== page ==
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5 Things That Hold You Back In Life And How To Get Rid Of Them

5 Things That Hold You Back In Life And How To Get Rid Of Them

Habits: they are the things that we are used to doing on a daily or a weekly basis — or, basically, whenever there is an action that repeats itself in regular intervals.

After living a quarter of your life or so, you may think that what you’ve developed in your childhood is what will define you for the rest of your life. Even if some of the habits and personal traits that we’ve developed are holding us back, our mind often chooses to ignore the damages and to resist any kind of change that might usurp the status quo.

“There was plenty of time for that, now I have to live with the cards that I’ve been dealt.” After all, the fast-paced life, having (or not having) children, and a regular job can have you wanting for a routine that will define you and help you cope with everything. However, if the routine is damaging to your mental health and your self-improvement, maybe it’s time for a change.

The routines that we develop and our immediate surroundings (people we see every day or on a regular basis) can sometimes even hold us back and prevent us from fulfilling our life goals. It’s imperative to recognize these poor influences and elevate yourself above them, and the first step towards it is to realize that you are stagnating. There are some definitive signs of stagnation and here I will try to present them to you and (hopefully) show you how to tackle them.

Negativity

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    Have you ever started planning something that is supposed to change your life/make you rich/perfect your skills, only to have the mental piece of paper with the plan crumpled and thrown to the back of your mind because “it would never work”? This happens a lot to people. The current global situation (which, actually, has never been better), your material situation, or a lack of will can all keep you pinned in place. Like the link above says, it seems that it’s never been a better time to be a pessimist.

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      News flash: it’s been worse every step of the way in human history. Black people in the US were segregated until 1964, yet that has not prevented the likes of Ray Charles, John H. Johnson, Jackie Robinson, Tommie Smith, and John Carlos in succeeding in their respective lives, just to name a few.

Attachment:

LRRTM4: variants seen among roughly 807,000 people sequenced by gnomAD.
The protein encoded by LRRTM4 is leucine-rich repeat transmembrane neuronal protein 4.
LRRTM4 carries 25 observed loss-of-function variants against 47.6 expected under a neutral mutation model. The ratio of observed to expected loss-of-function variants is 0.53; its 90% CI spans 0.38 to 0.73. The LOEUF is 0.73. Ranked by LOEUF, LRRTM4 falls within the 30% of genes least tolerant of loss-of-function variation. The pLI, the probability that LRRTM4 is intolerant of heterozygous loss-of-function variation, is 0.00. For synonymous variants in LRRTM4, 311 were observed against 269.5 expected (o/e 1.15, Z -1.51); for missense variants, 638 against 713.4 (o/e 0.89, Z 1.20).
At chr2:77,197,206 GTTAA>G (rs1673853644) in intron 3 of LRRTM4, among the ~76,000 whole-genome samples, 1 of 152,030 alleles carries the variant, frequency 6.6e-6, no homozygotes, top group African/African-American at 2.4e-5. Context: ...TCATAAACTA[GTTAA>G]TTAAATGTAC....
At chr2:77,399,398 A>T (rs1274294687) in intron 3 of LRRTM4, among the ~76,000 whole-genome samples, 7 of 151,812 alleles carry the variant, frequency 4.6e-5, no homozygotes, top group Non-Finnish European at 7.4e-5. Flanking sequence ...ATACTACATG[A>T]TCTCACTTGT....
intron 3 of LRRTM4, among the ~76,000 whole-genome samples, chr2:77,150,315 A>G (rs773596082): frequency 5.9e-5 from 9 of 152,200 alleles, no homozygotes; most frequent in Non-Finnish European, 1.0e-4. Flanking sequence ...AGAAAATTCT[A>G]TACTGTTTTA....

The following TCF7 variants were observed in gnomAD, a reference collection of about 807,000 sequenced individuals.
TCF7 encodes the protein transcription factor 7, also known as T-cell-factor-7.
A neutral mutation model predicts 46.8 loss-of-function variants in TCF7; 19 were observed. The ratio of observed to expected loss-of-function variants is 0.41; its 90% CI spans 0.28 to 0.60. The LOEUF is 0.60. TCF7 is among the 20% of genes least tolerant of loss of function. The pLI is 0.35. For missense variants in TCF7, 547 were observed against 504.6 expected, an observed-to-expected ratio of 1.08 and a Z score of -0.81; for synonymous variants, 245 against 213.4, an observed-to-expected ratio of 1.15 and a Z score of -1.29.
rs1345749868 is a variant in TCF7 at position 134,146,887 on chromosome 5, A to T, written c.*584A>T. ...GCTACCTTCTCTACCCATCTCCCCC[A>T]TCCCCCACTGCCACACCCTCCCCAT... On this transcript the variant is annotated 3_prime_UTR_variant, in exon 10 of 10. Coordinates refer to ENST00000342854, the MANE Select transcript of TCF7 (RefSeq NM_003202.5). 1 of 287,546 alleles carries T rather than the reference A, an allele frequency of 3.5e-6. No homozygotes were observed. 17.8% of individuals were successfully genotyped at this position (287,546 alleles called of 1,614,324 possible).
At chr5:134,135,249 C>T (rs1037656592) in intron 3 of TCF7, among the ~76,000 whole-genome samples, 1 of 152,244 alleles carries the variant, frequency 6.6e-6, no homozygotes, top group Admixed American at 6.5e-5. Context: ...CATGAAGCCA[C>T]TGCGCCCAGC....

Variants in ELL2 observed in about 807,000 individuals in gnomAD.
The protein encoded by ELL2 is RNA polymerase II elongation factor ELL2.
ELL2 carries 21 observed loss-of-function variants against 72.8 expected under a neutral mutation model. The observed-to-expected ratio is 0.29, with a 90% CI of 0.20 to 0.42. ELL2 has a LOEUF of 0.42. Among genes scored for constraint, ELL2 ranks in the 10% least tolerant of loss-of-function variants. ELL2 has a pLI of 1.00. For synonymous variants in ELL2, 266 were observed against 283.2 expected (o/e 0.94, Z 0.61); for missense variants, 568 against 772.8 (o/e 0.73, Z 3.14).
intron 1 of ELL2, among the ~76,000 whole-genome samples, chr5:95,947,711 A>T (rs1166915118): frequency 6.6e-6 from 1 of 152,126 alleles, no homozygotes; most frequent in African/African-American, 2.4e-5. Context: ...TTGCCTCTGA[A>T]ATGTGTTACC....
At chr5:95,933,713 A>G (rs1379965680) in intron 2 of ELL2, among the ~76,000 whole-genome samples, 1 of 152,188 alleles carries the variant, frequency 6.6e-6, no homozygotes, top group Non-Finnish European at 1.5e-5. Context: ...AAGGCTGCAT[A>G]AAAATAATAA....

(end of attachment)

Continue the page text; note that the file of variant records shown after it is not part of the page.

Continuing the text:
Today, people have more freedom than they ever had. There is no reason to think that something will fail because “it would never work.” You cannot know until you’ve given it a well-planned try.

      However, negative thinking is not entirely your fault. It can also come through…

      Negative Environment

      This starts with your friends and family, but is not limited to them. Oftentimes, it will be your friends who will poke holes in your plans because they want to try and keep you in the status quo. They will not do this because they have ill intentions, instead, they will see it as doing you a favor and being honest with you. People like the status quo and do not like to see it changed. It will threaten their comfort zone (more on that later) and put them in situations they have not prepared for. Of course, none of this is on the forefront of their logic and most of the time they are not even aware of this fact.

      While this is no reason to abandon your friends completely and sever all ties to them, sometimes a change of environment can do a lot of good. Have a new hobby? Start hanging out with people who have the same one. Or, sit at a bar or café alone and try to find someone interesting to talk to. Talking to new people brings new perspectives on life. Sometimes, that is all you need to push ahead.

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      Inability to Make a Plan and Stick to It

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        When you do finally make a plan, the hardest part is actually sticking to it. For example, you want to improve your physical wellbeing by going to the gym. You’ve found a program that will get you fit and help you improve your conditioning. The plan involves daily exercises.

        You may do it for three or four days and then skip one — because, hey, you deserve a break. Or you just start procrastinating from day one, thinking how you’ll work twice as hard tomorrow, or something like that.

        This will effectively prevent you from making a change. The most important part of every plan is sticking to it. This may take a lot of willpower, but the change will be worth the mental effort. You can do it and you can do it today. Not twice as much tomorrow, not in a couple of days, but today, as it is the only day when you can fulfill what you planned, and it’s all up to you.